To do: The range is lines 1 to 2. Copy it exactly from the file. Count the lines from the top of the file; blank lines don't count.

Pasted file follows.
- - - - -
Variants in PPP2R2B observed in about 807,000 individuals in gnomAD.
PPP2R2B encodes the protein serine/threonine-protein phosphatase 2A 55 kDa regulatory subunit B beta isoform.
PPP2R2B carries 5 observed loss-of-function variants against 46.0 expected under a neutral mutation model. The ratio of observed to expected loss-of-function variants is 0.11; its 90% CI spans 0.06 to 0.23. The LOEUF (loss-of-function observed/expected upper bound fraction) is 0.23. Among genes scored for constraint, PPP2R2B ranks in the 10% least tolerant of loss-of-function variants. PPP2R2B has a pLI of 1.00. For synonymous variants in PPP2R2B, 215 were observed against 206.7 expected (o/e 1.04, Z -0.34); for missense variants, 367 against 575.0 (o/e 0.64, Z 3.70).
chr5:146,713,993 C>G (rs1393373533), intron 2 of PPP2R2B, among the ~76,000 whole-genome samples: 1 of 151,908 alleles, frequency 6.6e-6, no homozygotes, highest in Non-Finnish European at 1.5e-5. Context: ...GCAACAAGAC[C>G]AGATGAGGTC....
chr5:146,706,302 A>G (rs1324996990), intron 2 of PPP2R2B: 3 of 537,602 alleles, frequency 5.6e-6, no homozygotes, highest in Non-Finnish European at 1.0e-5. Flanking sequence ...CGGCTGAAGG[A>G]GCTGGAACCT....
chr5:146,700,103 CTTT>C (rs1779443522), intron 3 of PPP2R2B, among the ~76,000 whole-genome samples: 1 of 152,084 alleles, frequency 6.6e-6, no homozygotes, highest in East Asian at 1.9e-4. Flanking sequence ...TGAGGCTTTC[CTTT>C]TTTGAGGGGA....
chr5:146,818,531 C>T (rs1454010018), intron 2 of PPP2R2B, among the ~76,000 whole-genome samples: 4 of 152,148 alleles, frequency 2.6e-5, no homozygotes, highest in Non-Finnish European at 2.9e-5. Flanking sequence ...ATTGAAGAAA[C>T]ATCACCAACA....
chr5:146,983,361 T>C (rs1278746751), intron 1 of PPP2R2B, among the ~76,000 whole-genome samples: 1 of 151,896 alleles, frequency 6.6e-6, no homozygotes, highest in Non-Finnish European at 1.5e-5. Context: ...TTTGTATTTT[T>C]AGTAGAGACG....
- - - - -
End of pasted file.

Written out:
Variants in PPP2R2B observed in about 807,000 individuals in gnomAD.
PPP2R2B encodes the protein serine/threonine-protein phosphatase 2A 55 kDa regulatory subunit B beta isoform.